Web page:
Elect governors who can fix housing mess in our towns
Irungu Houghton and Robyn Emerson
| May 14th 2022 | 3 min read
With the Government reporting to the UN General Assembly, Nairobi hosting the first pan African Housing Forum this week and thousands of aspirants formulating manifestos, it seems an important time to reflect on our national progress of delivering on the right to housing for all and how we could accelerate this right.
There is nothing more important than a home of our own.
Article 43.1 (a) of the Constitution declares we all have the right to accessible and adequate housing. Despite this constitutional standard, 60 per cent of Kenyan voters live in informal settlements and are denied access to safe water and sanitation.
Subjected to the indignity of poor-quality housing, overcrowding and the risk of forced evictions, they and 238 million other people across Africa must see the promise of dignified and affordable housing as a mirage rather than a mirror of African governments’ commitments.
Building 500,000 houses has been one of the big four policy promises of the Jubilee administration for the last five years. Recently, the Government reported to the UN General Assembly that it had built 6,000 housing units with over half of those for police officers, prison wardens and civil servants.
Transport Cabinet Secretary has also publicly declared the Government has reached the 200,000 mark. Fact-checking aside, unless the Government builds at least 300,000 homes in the next ten weeks, the Jubilee administration’ pillar will not be met. Why is housing for all so elusive then?
While challenges are many, three critical obstacles stand out. The cost of construction and land remains too high, county governments have ignored physical planning and construction approvals remain bureaucratic and prone to corruption. With 80 per cent of construction materials imported, excess duties are simply too high.
Given the limited fiscal space facing the next national administration, subsidising public housing may continue being a challenge. Is it time to look at reducing taxes as a way of stimulating this sector’s contribution to economic growth?
Incoming governors must intentionally audit and reform physical planning, zoning and approval laws and procedures within the first 100 days. It is astonishing that Nairobi is the only county with an established master plan and zoning regulations. Despite this, the capital city sprawls uncontrollably. Wards with clear zoning regulations that prohibit the building of apartment buildings higher than four floors are now the nightmare poster for vertical cities. Here it is possible to find massage parlours, light factories, schools, bars, and homes in one-kilometre square area.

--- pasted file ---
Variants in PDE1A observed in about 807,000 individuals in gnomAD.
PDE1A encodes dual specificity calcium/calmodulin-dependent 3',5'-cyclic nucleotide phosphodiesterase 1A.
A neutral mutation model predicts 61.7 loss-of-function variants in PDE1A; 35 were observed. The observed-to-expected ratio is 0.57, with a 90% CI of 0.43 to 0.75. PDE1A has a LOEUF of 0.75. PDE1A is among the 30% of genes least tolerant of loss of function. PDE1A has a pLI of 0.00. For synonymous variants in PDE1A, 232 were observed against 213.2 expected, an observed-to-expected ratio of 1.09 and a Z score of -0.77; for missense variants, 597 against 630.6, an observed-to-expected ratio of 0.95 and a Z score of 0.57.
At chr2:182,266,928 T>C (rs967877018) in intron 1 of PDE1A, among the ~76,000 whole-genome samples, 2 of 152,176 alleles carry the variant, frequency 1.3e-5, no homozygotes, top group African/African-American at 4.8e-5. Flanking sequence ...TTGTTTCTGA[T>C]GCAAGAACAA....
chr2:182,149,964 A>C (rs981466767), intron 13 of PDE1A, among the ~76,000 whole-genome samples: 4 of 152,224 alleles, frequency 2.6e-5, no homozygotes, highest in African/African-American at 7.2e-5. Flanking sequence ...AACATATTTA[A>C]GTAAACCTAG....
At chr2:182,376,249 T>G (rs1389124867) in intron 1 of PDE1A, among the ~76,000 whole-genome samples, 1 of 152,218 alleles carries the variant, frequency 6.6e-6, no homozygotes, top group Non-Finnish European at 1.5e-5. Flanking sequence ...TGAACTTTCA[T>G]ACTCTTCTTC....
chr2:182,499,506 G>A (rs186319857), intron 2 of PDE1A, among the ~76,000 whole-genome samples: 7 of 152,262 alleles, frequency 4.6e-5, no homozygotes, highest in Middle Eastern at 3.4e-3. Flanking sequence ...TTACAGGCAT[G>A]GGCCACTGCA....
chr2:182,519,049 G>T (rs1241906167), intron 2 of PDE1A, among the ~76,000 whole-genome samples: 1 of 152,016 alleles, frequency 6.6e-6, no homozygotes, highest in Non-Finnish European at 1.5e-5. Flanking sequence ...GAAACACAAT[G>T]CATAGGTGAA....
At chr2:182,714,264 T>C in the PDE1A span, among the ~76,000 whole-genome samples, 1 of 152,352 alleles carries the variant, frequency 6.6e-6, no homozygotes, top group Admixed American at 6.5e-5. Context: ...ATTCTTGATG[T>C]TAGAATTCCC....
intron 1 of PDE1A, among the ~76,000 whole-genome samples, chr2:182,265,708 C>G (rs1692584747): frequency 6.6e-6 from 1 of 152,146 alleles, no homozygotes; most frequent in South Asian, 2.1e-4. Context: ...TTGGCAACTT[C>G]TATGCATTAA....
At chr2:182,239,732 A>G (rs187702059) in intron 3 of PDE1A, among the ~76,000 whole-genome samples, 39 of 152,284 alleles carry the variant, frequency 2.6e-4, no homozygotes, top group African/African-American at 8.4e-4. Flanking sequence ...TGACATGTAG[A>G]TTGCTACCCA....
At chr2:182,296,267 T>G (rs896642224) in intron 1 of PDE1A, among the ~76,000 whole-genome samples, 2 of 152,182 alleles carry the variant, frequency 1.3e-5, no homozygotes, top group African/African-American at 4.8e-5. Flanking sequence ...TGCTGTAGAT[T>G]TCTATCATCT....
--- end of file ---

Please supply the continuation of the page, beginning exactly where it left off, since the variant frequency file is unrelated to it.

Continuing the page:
Perhaps those that come to govern us can declare their intentions to set aside one building for all licencing agencies and an online transparent approval and accountability system. Dirty “wash wash” money in malls, hotels and apartments is also responsible for driving up the cost of land, another obstacle undermining affordability.
At the risk of being accused of campaigning for certain candidates, given the looming disaster of our towns and cities, perhaps voters should elect only governors and deputy governors from the built environment. At least, could we demand they declare a strategy to transform urban centres before we vote for them. Any architects, urban planners or surveyors reading this?
Kenya is not alone. Africa remains the region with the largest affordability gap in the world. Mortgage financing remains out of reach for many and less than 15 per cent of Africa’s urban population today, can afford to purchase houses built by developers.
This week, 700 very diverse delegates from across Africa challenged governments, businesses and development actors to collaboratively deliver inclusive housing strategies for marginalised communities and promote innovative financial models in line with the 2030 UN Sustainable Development Goals.
Slum settlement upgrading and secure tenure, reduced construction costs, increasing public participation and regulatory policy enforcement is the only path to inclusive, liveable, climate-resilient, and sustainable towns and cities. Housing policy reform and investment is key to this.
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